Glaciers On Mount Ararat Are Shrinking
Glaciers atop snow-capped Mount Ararat in eastern Turkey have shrunk 30 percent in surface area over the last 3 decades, a researcher said Wednesday.
Geologist Mehmet Akif Sarikaya, an assistant professor at Istanbul’s Fatih University, told AFP: “We used satellite images to analyze the response of glaciers at the summit of Mount Ararat to climate change.”
“The glacier surface area decreased from 3.04 square miles in 1976 to 5.5 square 2.09 square miles in 2008, a loss of about 17 acres a year,” said Sarikaya, who also lectures at the University of Omaha, Nebraska.
Temperature changes might eventually wipe out the ice fields, warned Sarikaya. “We sought the reasons for the melting and found that the temperature had increased by 0.05 degrees Fahrenheit per year” during the period studied, he said.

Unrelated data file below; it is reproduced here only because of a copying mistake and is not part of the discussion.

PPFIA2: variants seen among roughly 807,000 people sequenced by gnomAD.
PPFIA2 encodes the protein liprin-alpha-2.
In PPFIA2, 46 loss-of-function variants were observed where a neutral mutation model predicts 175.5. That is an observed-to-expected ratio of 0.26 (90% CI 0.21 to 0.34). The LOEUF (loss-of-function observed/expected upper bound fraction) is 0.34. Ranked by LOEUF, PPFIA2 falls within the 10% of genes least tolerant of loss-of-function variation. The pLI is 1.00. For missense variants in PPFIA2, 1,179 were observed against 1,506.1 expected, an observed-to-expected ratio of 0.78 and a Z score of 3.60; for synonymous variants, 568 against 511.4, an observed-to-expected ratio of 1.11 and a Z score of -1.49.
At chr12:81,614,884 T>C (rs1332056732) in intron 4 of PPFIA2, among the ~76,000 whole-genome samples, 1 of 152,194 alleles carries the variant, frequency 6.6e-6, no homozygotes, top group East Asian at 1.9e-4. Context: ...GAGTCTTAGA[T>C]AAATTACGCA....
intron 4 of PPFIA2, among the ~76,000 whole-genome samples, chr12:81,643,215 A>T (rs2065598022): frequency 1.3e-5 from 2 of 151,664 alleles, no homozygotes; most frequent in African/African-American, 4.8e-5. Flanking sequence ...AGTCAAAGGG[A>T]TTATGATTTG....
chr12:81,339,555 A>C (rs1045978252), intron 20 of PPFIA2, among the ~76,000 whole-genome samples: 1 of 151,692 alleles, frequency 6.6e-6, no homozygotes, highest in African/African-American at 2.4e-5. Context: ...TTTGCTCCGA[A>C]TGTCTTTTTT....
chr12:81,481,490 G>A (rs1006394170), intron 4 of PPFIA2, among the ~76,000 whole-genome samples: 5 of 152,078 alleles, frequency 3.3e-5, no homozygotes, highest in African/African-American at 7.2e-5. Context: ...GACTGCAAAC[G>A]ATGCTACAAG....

Increased precipitation and sunshine might have also contributed to the glacial melting, he added.
Previous research has found accelerating glacier erosion in the European Alps and South American Andes, stating global warming caused by man attributed to the loss.
Mount Ararat is believed to be the final resting place of Noah’s Ark, which settled on the mountain top after God flooded the Earth because of corruption that plagued the world. Once the waters receded, the Ark came to rest on a mountain that believers contend is Mount Ararat, the country’s highest peak at 16,853 feet.
Many expeditions have scoured the mountain in search of the lost Ark, without any convincing results so far. Sarikaya declined to comment on whether the melting of the glaciers would provide opportunities in the quest for the biblical ship’s remains.